Antibiotic stewardship in dentistry: What it is, and why it is important

Amanda Hill, RDH.
Amanda Hill, RDH.

The Organization for Safety, Asepsis and Prevention (OSAP) held its annual Infection Control Boot Camp in Atlanta at the beginning of February. For the second year, OSAP dedicated the day preceding the conference to antibiotic stewardship. This year, the focus was on national prescribing guidelines, antibiotic prophylaxis, penicillin allergies, and the impacts of antibiotic stewardship in dentistry. Experts from dentistry, pharmacology, orthopedic medicine, and public health led the meeting.

What is antibiotic stewardship?

Antibiotic stewardship is a coordinated program that promotes the appropriate use of antimicrobials (including antibiotics), improves outcomes, reduces microbial resistance, and decreases the spread of infections caused by multidrug-resistant organisms. This matters because the U.S. Centers for Disease Control and Prevention estimates that a person dies every 15 minutes in the U.S. from antibiotic-resistant infections. Along with new threats on the horizon, antibiotic stewardship aims to improve how antibiotics are prescribed and used. The goal is to ensure that antibiotics are available when you really need them.

In 2013, dentists prescribed nearly 10% of all outpatient oral antibiotics in the U.S., and it’s estimated that up to 80% of those prescriptions were unnecessary based on existing guidelines. Recent data show that antibiotic prescriptions by general dentists have remained steady, while prescriptions by all prescribers have decreased. It’s clearly time for dentistry to embrace antibiotic stewardship.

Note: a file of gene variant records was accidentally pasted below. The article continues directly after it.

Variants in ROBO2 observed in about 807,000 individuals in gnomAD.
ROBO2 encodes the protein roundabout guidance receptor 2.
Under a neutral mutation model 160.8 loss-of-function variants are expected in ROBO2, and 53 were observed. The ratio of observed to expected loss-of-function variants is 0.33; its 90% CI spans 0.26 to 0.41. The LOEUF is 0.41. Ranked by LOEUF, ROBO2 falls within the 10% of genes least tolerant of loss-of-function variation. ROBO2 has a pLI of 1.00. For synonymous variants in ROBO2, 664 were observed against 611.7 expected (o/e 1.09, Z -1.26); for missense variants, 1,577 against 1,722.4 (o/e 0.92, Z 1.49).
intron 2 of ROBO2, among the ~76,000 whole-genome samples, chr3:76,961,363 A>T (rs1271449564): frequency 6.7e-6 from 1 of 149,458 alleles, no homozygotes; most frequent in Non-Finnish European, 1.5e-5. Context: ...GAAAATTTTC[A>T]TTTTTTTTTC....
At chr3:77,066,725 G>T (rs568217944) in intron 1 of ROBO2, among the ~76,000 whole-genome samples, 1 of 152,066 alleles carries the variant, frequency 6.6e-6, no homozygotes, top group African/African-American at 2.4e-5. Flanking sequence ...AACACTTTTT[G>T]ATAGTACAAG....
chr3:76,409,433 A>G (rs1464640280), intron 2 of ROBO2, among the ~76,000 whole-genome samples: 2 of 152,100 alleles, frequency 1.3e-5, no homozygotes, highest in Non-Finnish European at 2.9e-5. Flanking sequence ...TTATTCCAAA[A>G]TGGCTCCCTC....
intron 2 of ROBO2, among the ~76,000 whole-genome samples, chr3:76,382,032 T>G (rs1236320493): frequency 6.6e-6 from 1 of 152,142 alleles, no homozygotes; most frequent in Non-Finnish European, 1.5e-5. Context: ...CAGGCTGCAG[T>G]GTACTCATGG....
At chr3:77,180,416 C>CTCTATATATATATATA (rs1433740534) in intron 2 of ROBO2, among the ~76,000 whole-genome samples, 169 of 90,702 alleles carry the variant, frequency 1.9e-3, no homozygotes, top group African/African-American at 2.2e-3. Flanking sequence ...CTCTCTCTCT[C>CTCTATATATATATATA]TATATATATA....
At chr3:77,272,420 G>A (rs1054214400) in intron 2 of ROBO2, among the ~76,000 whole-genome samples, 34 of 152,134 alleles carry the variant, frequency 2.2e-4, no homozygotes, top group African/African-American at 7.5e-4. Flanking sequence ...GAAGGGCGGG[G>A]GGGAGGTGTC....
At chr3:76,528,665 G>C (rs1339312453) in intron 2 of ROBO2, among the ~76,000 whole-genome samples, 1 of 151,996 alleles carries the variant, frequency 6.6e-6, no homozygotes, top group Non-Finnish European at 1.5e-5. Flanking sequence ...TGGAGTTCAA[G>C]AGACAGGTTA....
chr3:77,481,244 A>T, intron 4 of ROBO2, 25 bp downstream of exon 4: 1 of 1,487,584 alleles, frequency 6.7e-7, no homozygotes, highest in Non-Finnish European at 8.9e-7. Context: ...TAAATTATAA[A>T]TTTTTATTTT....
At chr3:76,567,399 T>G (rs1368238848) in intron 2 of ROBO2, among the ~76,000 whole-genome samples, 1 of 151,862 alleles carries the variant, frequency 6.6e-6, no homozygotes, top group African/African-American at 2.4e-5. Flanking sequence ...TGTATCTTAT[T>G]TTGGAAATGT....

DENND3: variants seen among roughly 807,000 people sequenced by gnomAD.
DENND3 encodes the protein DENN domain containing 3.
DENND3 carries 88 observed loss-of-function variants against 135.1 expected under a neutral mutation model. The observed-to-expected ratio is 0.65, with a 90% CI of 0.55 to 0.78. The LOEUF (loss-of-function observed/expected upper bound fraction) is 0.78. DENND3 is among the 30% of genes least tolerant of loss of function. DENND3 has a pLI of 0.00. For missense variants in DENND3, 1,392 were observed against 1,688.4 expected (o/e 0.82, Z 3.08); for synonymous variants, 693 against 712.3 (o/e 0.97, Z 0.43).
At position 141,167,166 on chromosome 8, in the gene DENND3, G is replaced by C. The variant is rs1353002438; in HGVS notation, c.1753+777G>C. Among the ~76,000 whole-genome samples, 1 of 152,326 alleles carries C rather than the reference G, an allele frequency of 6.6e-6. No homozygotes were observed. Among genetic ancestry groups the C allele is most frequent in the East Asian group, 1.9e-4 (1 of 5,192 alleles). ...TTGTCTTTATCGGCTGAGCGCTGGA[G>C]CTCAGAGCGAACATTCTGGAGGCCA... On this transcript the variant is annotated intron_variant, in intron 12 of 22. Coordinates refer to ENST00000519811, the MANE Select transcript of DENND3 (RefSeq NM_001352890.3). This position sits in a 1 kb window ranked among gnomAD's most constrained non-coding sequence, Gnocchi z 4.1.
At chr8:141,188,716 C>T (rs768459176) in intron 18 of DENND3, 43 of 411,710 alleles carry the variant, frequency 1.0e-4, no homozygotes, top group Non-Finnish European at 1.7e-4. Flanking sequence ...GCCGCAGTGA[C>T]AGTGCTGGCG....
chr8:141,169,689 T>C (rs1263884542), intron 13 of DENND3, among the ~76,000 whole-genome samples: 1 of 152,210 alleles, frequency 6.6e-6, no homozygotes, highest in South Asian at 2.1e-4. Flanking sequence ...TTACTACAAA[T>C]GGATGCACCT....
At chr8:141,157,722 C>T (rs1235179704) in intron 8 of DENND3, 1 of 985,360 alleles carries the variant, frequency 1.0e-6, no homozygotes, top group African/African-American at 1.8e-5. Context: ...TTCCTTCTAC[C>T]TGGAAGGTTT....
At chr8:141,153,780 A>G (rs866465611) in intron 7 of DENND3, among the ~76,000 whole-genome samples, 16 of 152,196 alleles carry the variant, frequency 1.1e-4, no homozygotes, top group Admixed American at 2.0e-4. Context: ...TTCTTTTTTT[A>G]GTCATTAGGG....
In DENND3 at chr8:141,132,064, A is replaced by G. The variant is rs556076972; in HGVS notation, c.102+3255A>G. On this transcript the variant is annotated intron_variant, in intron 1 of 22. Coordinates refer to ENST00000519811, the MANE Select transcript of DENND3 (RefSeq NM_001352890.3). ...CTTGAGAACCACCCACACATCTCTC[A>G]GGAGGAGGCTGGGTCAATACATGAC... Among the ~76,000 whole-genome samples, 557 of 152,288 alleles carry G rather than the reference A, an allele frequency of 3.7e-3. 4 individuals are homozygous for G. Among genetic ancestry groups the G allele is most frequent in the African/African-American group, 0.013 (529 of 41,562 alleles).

Prescribing guidelines

Debbie Goff, PharmD, a professor of pharmacy and an infectious disease specialist at Ohio State University, presented updates in antibiotic stewardship. Some key takeaways included the following: 

  • Clindamycin is no longer recommended for any therapeutic or dental prophylaxis.

  • Dentists are the highest prescribers of clindamycin.

  • There is a black box warning for Clostridioides difficile (C. Diff) diarrhea.

  • Quinolones should not be prescribed.

  • Avoid prescribing ciprofloxacin, levofloxacin, and moxifloxacin.

  • There are black-box warnings for quinolones that associate their use with tendon ruptures/tendinitis, peripheral neuropathy, central nervous system effects, exacerbation of myasthenia gravis, and aortic aneurysm/dissection.

  • Closely monitor the duration of antibiotic therapy (longer use does not equate to better care).

    • Use shorter durations; for example, three to five days.

    • Discontinue use 24 hours after symptoms resolve.

  • Consider a wait-and-see prescription; have the patient fill it only if their symptoms worsen.

The biggest takeaway from Dr. Goff was the answer to the question, “Shouldn't I prescribe them 'just in case?' The answer is, "The one who prescribes is the one who gets sued." If you follow the prescribing guidelines from the ADA, you are following best practices.

Penicillin allergy testing

Patient allergies can often impact what antibiotics are chosen. Ten percent of the population claims they have a penicillin allergy, whereas less than 1% actually have a true allergy. Using a second-tier antibiotic can reduce efficacy, increase adverse reactions, and increase healthcare costs.